Normal subjects gradually preshape their hands during a grasping movement in order to conform the hand to the shape of a target object. The evolution of hand preshaping may depend on visual feedback about arm and hand position as well as on target shape and location at specific times during the movement. The present study manipulated object shape in order to produce differentiable patterns of finger placement along two orthogonal "dimensions" (flexion/extension and abduction/adduction), and manipulated the amount of available visual information during a grasp. Normal subjects were asked to reach to and grasp a set of objects presented in a randomized fashion at a fixed spatial location in three visual feedback conditions: Full Vision (both hand and target visible), Object Vision (only the object was visible but not the hand) and No Vision (vision of neither the hand nor the object during the movement). Flexion/extension angles of the metacarpophalangeal and proximal interphalangeal joints of the index, ring, middle and pinkie fingers as well as the abduction/adduction angles between the index-middle and middle-ring fingers were recorded. Kinematic analysis revealed that as visual feedback was reduced, movement duration increased and time to peak aperture of the hand decreased, in accord with previously reported studies. Analysis of the patterns of joint flexion/extension and abduction/adduction per object shape revealed that preshaping based on the abduction/adduction dimension occurred early during the reach for all visual feedback conditions (~45% of normalized movement time). This early preshaping across visual feedback conditions suggests the existence of mechanisms involved in the selection of basic hand configurations. Furthermore, while configuration changes in the flexion/extension dimension resulting in well-defined hand configurations occurred earlier during the movement in the Object Vision and No Vision conditions (45%), those in the Full Vision condition were observed only after 75% of the movement, as the moving hand entered the central region of the visual field. The data indicate that there are at least two control mechanisms at work during hand preshaping, an early predictive phase during which grip selection is attained regardless of availability of visual feedback and a late responsive phase during which subjects may use visual feedback to optimize their grasp.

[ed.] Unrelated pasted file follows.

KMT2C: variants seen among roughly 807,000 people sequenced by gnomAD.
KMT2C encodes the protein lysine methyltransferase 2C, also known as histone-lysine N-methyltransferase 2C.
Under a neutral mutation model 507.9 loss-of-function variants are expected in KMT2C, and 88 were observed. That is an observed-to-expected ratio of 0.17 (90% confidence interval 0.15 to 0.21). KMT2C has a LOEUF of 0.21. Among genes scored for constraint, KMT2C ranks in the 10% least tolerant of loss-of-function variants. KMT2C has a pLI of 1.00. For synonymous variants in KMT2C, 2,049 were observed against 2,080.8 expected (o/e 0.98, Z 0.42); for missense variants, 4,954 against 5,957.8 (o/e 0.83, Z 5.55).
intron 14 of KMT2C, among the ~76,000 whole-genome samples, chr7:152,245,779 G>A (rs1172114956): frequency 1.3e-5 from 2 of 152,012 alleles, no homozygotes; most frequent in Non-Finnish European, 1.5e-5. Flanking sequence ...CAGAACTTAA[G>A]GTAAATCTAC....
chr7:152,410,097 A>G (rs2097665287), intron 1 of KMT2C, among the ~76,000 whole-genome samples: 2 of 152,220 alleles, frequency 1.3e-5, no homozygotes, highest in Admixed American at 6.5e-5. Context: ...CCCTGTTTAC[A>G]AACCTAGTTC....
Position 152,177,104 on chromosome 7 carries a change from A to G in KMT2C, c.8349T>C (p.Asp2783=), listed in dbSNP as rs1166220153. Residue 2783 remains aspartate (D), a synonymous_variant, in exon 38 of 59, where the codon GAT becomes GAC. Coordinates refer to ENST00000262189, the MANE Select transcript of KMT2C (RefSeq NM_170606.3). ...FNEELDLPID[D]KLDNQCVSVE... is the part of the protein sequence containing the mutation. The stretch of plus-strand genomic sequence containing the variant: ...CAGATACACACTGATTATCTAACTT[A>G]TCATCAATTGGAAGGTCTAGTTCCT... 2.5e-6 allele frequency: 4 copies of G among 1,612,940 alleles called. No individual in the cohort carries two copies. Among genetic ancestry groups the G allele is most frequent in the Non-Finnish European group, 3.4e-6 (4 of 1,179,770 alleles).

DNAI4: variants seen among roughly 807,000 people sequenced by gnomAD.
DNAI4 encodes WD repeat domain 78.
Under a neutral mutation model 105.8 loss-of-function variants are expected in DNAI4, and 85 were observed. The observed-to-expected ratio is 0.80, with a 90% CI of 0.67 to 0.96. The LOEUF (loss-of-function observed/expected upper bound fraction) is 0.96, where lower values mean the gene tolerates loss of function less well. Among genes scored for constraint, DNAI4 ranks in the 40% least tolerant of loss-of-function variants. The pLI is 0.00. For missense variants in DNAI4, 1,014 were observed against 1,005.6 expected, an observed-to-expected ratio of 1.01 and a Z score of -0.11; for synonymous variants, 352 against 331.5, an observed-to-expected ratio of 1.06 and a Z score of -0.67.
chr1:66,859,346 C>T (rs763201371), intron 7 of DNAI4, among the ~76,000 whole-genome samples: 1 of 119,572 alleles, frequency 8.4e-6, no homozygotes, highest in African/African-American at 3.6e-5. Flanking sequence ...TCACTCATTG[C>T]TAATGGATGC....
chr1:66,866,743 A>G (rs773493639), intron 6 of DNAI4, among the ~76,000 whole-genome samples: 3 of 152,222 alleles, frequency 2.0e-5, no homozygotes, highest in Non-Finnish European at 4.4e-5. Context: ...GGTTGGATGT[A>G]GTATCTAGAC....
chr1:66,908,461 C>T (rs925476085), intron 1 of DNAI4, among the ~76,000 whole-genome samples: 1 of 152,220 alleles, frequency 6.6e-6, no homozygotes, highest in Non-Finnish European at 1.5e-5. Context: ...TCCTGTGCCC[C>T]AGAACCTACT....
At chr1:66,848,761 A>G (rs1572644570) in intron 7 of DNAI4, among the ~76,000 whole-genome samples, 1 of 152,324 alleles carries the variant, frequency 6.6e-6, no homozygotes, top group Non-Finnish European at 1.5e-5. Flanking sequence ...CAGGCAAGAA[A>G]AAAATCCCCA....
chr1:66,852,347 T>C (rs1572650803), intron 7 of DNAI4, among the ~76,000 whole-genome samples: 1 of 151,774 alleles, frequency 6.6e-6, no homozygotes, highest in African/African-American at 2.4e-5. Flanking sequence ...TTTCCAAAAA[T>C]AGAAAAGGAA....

PrehensionHand preshapingVisual feedbackVisuomotor control